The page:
Tag Archives: Thomas Fire

Overtaken By Wildfire

Lake Four

Outline Interrupted

Plotting my novel I set a date in September 2015 to attend the dirt oval races at the Calistoga Fairgrounds. The motorcycle races were canceled and the fairgrounds instead were transformed into an emergency evacuation shelter for the victims of the Valley Fire. On September 12, 2015 the fire erupted burning 70 thousand acres, destroying 1955 structures and killing 4.

The outline to my novel changed from the Napa County Board of Supervisors and the political machine funded by Big Agriculture to wildfires and the impact climate change was having America’s premier wine growing regions.

Napa County One

Bedrock of Civilization… An Engaged Citizen

I completed the outline and in November 2015 began the first draft of the manuscript. At the same time the County Board of Supervisors and Planning Commission for Napa County was facing increasing pressure to roll back approvals for further expansion. Nearly 100,000 oak trees had been slated for removal to make way for three new hillside developments. Real estate prices continued spiraling higher. American and international oligarchs had turned their attentions to Napa and opened their checkbooks. The citizens were no match for the well funded international consortium of investors and agents that had descended upon the valley to pick over what few parcels remained. Protest was listened to and then ignored. The industry would not be stopped.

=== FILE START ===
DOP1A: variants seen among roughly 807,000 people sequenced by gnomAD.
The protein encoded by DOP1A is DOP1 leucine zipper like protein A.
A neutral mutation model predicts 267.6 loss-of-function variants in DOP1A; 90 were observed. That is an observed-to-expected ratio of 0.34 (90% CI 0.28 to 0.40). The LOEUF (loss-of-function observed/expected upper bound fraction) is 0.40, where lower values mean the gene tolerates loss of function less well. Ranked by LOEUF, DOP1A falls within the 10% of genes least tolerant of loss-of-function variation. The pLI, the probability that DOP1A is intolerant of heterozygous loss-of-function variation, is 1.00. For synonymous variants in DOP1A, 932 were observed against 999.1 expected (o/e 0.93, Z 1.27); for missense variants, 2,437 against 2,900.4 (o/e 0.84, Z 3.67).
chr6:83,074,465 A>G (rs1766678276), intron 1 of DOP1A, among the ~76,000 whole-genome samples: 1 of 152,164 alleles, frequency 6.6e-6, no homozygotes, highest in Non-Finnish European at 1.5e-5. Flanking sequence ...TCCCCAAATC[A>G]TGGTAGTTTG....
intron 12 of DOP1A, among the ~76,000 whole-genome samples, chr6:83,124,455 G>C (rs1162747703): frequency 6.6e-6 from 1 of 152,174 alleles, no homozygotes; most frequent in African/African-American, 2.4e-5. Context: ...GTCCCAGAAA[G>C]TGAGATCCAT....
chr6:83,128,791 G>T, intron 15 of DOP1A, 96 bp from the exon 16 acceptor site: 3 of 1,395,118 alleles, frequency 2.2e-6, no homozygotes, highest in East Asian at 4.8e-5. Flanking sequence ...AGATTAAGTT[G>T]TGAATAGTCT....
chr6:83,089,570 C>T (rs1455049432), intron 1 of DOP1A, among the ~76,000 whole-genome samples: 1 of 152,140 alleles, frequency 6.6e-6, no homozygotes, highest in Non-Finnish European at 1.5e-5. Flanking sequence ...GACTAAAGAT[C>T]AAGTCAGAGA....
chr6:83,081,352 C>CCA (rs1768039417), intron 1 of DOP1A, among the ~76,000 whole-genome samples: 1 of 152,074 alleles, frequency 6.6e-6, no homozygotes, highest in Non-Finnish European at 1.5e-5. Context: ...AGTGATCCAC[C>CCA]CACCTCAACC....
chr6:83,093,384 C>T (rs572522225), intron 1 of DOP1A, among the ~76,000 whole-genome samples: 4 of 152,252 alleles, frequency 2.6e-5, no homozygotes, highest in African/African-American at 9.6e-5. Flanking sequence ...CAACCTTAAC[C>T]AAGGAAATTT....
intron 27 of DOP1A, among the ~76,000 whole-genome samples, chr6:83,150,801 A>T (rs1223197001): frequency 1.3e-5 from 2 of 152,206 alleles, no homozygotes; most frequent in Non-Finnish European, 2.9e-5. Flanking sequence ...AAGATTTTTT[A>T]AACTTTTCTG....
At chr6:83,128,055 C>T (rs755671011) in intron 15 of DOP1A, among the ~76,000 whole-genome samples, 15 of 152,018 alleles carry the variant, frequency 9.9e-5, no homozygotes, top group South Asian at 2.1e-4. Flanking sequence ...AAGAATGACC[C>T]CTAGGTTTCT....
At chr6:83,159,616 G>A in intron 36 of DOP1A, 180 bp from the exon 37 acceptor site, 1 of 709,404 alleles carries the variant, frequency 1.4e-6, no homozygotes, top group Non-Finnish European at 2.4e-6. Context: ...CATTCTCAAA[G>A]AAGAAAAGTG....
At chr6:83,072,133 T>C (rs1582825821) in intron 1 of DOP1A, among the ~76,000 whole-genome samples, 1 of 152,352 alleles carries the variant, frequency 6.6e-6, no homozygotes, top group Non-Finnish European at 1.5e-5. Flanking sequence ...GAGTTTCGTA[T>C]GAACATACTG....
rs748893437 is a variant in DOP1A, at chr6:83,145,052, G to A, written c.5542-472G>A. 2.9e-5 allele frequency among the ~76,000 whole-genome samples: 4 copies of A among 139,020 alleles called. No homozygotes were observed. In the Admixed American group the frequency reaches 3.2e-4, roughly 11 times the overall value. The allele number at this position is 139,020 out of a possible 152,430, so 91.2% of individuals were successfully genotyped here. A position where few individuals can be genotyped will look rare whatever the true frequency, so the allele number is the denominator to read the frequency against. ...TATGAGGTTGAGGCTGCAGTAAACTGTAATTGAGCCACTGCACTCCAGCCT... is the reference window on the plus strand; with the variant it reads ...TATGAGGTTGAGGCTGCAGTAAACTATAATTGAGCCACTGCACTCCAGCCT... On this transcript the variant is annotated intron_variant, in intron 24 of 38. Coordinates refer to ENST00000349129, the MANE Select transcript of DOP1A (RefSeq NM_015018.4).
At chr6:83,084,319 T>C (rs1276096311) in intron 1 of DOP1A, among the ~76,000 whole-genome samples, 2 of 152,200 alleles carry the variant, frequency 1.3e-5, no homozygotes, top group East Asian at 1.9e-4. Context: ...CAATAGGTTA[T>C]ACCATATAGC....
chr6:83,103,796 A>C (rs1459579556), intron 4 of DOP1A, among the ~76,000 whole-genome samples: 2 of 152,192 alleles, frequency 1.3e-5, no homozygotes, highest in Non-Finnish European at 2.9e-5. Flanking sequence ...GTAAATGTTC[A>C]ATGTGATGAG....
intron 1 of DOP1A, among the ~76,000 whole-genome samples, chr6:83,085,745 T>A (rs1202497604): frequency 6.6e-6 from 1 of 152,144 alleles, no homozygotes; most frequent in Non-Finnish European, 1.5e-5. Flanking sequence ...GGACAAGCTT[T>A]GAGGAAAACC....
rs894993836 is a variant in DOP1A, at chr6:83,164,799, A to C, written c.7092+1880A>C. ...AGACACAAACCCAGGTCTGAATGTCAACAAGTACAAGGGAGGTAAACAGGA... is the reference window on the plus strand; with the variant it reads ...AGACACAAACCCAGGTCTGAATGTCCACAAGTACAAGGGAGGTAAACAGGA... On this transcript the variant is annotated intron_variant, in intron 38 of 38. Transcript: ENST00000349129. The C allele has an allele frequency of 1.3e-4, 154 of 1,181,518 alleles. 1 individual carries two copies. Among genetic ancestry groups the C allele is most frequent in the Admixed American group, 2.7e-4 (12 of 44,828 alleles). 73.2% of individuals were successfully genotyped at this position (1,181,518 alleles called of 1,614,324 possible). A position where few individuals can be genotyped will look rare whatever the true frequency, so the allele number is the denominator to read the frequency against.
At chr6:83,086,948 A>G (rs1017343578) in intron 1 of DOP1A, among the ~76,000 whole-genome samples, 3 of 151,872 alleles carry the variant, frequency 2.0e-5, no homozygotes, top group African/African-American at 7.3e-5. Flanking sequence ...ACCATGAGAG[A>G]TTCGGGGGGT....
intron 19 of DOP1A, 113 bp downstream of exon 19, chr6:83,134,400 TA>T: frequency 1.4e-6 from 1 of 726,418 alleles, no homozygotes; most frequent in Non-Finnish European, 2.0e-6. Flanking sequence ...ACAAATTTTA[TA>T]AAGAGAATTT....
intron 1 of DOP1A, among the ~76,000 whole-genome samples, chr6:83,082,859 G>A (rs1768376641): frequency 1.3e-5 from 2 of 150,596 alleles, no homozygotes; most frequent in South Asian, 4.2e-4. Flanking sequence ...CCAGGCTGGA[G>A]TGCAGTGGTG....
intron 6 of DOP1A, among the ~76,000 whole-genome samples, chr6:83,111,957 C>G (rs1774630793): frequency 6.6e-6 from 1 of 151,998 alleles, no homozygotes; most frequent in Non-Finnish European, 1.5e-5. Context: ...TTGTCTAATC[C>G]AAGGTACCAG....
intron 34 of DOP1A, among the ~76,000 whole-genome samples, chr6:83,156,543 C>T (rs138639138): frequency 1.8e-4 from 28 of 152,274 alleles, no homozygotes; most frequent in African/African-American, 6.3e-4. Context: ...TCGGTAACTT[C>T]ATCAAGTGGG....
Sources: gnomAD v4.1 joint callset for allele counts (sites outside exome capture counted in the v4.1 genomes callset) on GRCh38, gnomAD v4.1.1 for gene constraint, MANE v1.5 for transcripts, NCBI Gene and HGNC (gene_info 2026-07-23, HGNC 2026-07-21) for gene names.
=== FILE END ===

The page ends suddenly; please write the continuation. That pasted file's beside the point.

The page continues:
After five years of persistent drought Sacramento’s state legislator finally muscled through a new water meter law. In the next two decades we’d finally know how much groundwater was being pumped from the wells across the state.

great-tree.jpg

This Tree from Space…Looks like Toast